From “The New Internationalist”:
“We’ve followed the story of the slow but increasing and badly needed pushback against Monsanto’s predatory business practices, which force farmers to buy Monsanto seed annually, rather than re-use it. Worse, Monsanto seed has been genetically engineered so as to require the use of Monsanto herbicides and fertilizers.
And with (until recently) the seeds patent protected, farmers could be sued for having Monsanto genes in their crops. And with Monsanto having established a near monopoly in seeds, it has set prices so as to extract a higher percent of agricultural revenues than it could otherwise command. Needless to say, what is good for Monsanto is not at all good for farmers, as these excerpts from a Daily Kos post illustrates:
‘I am a small farmer, and I am deeply concerned about the broad power Monsanto and other seed companies wield. Their patents on life, unfair business practices, and aggressive genetic engineering of seed for commercial farming are making farmers dependent on their very expensive seed and killing the millennia-old practice of saving seed.
Since I was a child, the cotton business has been radically changed by developments like Round-Up Ready cotton. Farmers are forced by market pressures to adopt new practices, like using Monsanto seed, that are locking them into annual tithes to a monopolistic seed company. Monsanto, in particular, has forced hundreds of small seed companies out of the business with litigation and threats of litigation, and it’s no accident. Farmers are afraid to collect seeds at all, for fear that Monsanto will accuse them of patent infringement….
In visiting my husband’s family in Bangladesh, my brother-in-law complained about the lack of rice varieties available for consumption. In the past, hundreds of tasty varieties were available. Now only a very few with much less taste are on the market. These varieties, grown in the very unhealthy chemically dependent and unsustainable manner espoused by Monsanto to encourage the use of their many pesticides and herbicides, depletes the land and contaminate the waterways. Fish populations, on which the Bangladeshi population depends heavily for protein, are disappearing. Only the farm-raised varieties are in vast supply, those also being of less nutritional value and raised in polluted waters.
Monsanto’s hold on the seed market is especially problematic in that they also manufacture the chemicals with which the seeds are grown. This is forcing many farmers to use GMO seeds and unsustainable methods whether they want to or not. Neighboring farms (specifically, organic or those choosing to use non-GMO seeds) are having their seeds contaminated by the GMO varieties. Native varieties and hybrids, grown for 10,000 years and adapted to optimize local growing conditions, are bought up by Monsanto and removed from the market, denying options to farmers and consumers. Those not bought up are in danger of contamination by Terminator genes, which would lead to their extinction. The same way we protect animal species from extinction, we should protect plant species, especially the tens of thousands of food varieties, from companies like Monsanto that are consciously eliminating them. Would we allow genocide to occur in any other circumstance?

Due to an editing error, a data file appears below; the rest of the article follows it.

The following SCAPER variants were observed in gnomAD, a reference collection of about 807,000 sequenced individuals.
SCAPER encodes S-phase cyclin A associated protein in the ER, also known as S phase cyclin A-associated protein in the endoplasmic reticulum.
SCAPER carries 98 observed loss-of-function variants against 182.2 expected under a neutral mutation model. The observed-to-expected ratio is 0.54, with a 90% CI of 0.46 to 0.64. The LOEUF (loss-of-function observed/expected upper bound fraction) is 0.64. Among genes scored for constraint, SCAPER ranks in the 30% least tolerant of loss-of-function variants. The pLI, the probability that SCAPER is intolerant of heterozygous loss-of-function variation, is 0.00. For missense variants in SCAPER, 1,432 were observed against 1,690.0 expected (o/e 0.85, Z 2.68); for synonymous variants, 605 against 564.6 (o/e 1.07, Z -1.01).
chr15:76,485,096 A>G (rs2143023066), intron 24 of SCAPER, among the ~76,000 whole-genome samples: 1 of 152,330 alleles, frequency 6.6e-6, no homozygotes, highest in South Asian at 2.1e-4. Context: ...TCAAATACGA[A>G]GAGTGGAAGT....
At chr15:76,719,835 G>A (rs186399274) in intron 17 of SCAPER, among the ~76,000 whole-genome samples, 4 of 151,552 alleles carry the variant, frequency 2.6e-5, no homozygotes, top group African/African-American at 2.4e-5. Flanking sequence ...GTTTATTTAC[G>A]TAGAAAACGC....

GMO crops have not been tested properly for safety. In India, farmers allowed their cattle to graze on GMO cotton plant stubble as they had grazed their cattle for millennia; all those cattle died within a few days. Many GMO varieties are neither better yielding nor requiring less fertilizer or water. They are designed to increase the use of Monsanto chemicals. These varieties are more expensive to grow, and the farmers are not allowed to save seed for the next year or the seeds have “Terminator” or “Traitor” genes to make new seeds sterile, causing them added expense. Monsanto’s methods are depleting the soil in areas already stressed.
I hope you will rein in these companies and start to restore’.”